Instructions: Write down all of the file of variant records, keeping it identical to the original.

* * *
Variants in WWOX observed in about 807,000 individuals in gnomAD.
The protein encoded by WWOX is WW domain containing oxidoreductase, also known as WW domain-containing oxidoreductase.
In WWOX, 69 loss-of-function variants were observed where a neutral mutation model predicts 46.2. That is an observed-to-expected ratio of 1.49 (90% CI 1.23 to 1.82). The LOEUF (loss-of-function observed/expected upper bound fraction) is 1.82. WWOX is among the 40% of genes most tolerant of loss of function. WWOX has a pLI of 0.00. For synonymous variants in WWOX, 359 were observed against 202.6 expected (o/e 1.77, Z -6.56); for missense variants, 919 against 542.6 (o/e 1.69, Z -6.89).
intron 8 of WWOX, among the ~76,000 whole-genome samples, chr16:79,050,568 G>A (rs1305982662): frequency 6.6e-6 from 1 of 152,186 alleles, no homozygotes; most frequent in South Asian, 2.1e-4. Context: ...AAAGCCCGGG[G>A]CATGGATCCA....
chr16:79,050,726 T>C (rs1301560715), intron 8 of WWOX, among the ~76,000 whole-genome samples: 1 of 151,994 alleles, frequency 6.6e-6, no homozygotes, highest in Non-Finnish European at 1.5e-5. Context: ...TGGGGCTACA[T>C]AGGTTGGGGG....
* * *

Variants in WWOX observed in about 807,000 individuals in gnomAD.
The protein encoded by WWOX is WW domain containing oxidoreductase, also known as WW domain-containing oxidoreductase.
In WWOX, 69 loss-of-function variants were observed where a neutral mutation model predicts 46.2. That is an observed-to-expected ratio of 1.49 (90% CI 1.23 to 1.82). The LOEUF (loss-of-function observed/expected upper bound fraction) is 1.82. WWOX is among the 40% of genes most tolerant of loss of function. WWOX has a pLI of 0.00. For synonymous variants in WWOX, 359 were observed against 202.6 expected (o/e 1.77, Z -6.56); for missense variants, 919 against 542.6 (o/e 1.69, Z -6.89).
intron 8 of WWOX, among the ~76,000 whole-genome samples, chr16:79,050,568 G>A (rs1305982662): frequency 6.6e-6 from 1 of 152,186 alleles, no homozygotes; most frequent in South Asian, 2.1e-4. Context: ...AAAGCCCGGG[G>A]CATGGATCCA....
chr16:79,050,726 T>C (rs1301560715), intron 8 of WWOX, among the ~76,000 whole-genome samples: 1 of 151,994 alleles, frequency 6.6e-6, no homozygotes, highest in Non-Finnish European at 1.5e-5. Context: ...TGGGGCTACA[T>C]AGGTTGGGGG....